Since acquiring Marcus Peters and getting Jimmy Smith back from an injury that kept him out for the early part of the season, the Ravens have started living up to early-season headlines that labeled Baltimore’s secondary as one of the NFL’s best. Marlon Humphrey has emerged as a superstar and is playing at an All-Pro level. Peters leads all AFC CBs in Pro Bowl voting and Brandon Carr and Smith are the best backup CB duo in football. At safety, Chuck Clark has come into his own since taking over for Tony Jefferson and Earl Thomas is playing at a high level after getting off to a slow start. The Ravens have the players in their secondary to matchup with the talented trio of Brandin Cooks, Cooper Kupp and Robert Woods.
The Rams passing attack relies heavily on play action passing and timing. When Jared Goff takes the snap, he is very frequently looking to get the ball out quickly on a short timing route like a screen, slant or curl. When his first option isn’t open and he’s forced to go through his progressions after a short drop, he tends to struggle. If the Ravens’ talented group of defensive backs can keep Rams WRs covered for the first few seconds after the snap, they’ll disrupt the timing, force Goff to hold onto the ball and allow the pass rush to get home. Against Los Angeles, the Ravens should drop extra players into pass coverage to disrupt the Rams’ quick passing game and create opportunities for Goff to make mistakes.
Rams Head Coach Sean McVay is one of the brightest young offensive minds in football. After six years in the Washington Redskins organization, the then 30-year-old McVay was hired by the Rams and became the youngest head coach in NFL history. Besides an appearance is Super Bowl LIII, McVay’s biggest accomplishment to date may be the fact that he already has an NFL “coaching tree” at just 33. Bengals Head Coach Zac Taylor and Packers Head Coach Matt LaFleur were both assistant coaches on McVay’s staff.
Part of McVay’s genius is his ability to design an offense and help Goff develop. While McVay worked wonders leading the Rams to a Super Bowl appearance, there was talk that McVay was also doing an excellent job masking Goff’s shortcomings. After the Patriots’ Super Bowl victory over the Rams, it was revealed that part of the defensive game plan included making adjustments after the play clock ran past 15 seconds. At 15 seconds on the clock, the speaker in the QBs helmet shuts off automatically and a coach’s ability to communicate with their QB ends. In the Super Bowl, the Patriots switched defensive looks after the speaker was off to force Goff to read the New England defense without the aid of McVay in his ear. Using that strategy, the Patriots held the Rams’ once explosive offense to just three points in the biggest game of the season.
Wink Martindale should remember the Patriots’ strategy to defeat Goff when calling plays against the Rams. Confusing Goff is possible, and critical to limiting the Rams offense. Martindale can rely on Chuck Clark to call late audibles like the Patriots in the Super Bowl or stick with the more traditional methods. Disguising coverages and bringing blitzes from all over the line of scrimmage will keep Goff on his toes. Goff is tied for 4th worst in the NFL with 10 interceptions and has the lowest completion percentage of any starting QB.
If Martindale and the Ravens can keep him uncomfortable, Goff could be in for a long night on Monday.
Play the Run-Stuffers
Despite all the motion, window dressing and razzle dazzle that McVay incorporates into the Rams offense, he loves to run the ball between the tackles. Watch the Rams for a short period of time and it quickly becomes very clear that the inside run game is a staple of their offense. On their first drive on offense in their Week 6 game against the 49ers, the Rams ran the ball on seven straight plays on their way to a TD.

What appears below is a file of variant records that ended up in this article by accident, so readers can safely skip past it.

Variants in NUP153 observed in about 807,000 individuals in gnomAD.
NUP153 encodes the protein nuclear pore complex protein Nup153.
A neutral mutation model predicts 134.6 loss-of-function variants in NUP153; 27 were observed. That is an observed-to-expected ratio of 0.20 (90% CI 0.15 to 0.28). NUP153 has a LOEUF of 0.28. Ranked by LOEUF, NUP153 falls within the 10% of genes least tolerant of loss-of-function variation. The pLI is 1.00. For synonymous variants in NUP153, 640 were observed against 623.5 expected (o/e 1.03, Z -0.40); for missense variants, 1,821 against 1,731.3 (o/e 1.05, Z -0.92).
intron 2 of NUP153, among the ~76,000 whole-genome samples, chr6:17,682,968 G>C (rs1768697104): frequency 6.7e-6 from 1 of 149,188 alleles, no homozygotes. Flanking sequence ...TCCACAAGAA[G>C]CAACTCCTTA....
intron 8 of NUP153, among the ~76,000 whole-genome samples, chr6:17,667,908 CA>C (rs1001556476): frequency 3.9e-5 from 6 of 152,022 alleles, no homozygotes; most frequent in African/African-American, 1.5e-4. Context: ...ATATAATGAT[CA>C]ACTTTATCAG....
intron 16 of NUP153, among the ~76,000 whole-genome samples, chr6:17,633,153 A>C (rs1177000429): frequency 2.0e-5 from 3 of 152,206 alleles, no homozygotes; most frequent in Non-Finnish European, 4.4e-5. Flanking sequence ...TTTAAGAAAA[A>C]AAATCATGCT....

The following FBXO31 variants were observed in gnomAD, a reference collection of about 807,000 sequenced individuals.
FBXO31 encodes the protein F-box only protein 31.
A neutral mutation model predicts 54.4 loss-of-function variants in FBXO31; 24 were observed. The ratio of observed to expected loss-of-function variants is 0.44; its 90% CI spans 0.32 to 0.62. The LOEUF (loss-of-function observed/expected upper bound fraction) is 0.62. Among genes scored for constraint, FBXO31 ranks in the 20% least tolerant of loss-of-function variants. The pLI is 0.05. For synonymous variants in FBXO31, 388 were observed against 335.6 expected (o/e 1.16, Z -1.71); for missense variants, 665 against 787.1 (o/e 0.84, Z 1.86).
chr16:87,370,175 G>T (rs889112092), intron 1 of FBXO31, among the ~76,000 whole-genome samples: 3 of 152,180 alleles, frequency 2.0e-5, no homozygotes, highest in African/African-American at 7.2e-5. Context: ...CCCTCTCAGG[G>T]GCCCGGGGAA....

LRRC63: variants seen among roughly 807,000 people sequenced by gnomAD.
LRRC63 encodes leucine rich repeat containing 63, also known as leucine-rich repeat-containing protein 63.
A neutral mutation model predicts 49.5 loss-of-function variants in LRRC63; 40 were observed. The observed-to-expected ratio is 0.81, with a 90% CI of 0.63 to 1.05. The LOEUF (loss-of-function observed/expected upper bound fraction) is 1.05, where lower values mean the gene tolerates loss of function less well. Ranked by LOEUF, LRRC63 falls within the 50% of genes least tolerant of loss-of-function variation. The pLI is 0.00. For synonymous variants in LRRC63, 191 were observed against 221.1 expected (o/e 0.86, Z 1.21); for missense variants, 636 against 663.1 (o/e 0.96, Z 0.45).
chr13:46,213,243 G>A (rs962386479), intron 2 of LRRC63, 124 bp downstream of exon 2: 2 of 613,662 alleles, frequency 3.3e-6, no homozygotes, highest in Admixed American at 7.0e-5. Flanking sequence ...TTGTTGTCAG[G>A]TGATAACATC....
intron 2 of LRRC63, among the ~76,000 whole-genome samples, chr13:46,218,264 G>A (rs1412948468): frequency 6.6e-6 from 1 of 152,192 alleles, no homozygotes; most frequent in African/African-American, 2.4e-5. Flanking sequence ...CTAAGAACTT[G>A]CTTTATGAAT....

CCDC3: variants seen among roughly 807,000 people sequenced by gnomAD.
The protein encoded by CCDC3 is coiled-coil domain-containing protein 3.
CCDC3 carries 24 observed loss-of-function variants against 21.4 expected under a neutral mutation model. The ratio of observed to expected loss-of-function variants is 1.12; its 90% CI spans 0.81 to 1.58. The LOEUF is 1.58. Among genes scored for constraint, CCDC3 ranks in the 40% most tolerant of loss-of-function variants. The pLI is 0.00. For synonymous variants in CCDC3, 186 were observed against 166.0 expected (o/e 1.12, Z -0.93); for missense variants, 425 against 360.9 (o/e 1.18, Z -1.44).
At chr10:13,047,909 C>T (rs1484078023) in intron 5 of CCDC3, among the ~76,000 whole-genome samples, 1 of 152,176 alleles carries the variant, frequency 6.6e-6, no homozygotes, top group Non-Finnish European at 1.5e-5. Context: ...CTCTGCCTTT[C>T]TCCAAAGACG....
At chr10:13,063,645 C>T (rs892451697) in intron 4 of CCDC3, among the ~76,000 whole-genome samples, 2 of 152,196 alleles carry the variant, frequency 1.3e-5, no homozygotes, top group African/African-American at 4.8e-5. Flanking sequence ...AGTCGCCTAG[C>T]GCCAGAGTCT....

Last week against the Bears’ 8th ranked defense, the Rams ran the ball as much as in any other game this season. Todd Gurley had more carries, 25, than in any game this season and the Rams looked as if they had rededicated themselves to their interior running game. Gurley ran the ball 25 times for 97 yards and a touchdown. As a team, the Rams ran the ball 34 times and had only 18 pass attempts on the day.
Against some teams, sliding versatile pass rushers inside can create mismatches against interior offensive linemen. Due to the Rams’ tendency to lean on a quick passing game and inside running attack, the Ravens should try to have their best run stuffers on the field. Brandon Williams and Michael Pierce are obviously their top options. If Williams needs a breather or Pierce is ultimately unavailable due to injury, recently acquired DTs Domata Peko and Justin Ellis make for great rotational options. At a combined listed weight on 675 pounds, they are well equipped to help stop the run.
Limiting the Rams inside run game will go a long way towards the Ravens getting a big win on Monday Night football.
One-on-One Matchup to Watch
RT Bobby Evans versus OLB Matt Judon
Since being drafted by the then St. Louis Rams in the 2nd round of the 2015 NFL draft, Rob Havenstein has started 68 of a possible 74 regular season games. In 2018, Havenstein started all 16 regular season games at Right Tackle for the eventual NFC champions. After a disappointing and uncharacteristic start to the 2019 season, Havenstein missed the Rams’ Week 11 game against the Bears after suffering a knee injury against the Steelers one week earlier. With Havenstein expected to miss Monday night’s contest, the Rams are expected to start rookie 3rd-round pick Bobby Evans for the second week in a row. Last week against Khalil Mack and the Bears, the former Oklahoma Sooner performed well in his NFL debut.
In Week 11, Matt Judon was an absolute game-wrecker against Texans rookie RT Tytus Howard. The Ravens pass rusher finished the day with two sacks, seven solo tackles, three tackles for loss, four QB hits and a forced fumble. It was arguably the best game of his career to this point.
If Judon can dominate a rookie tackle for the second week in a row, the Ravens will have a serious leg up on the Rams.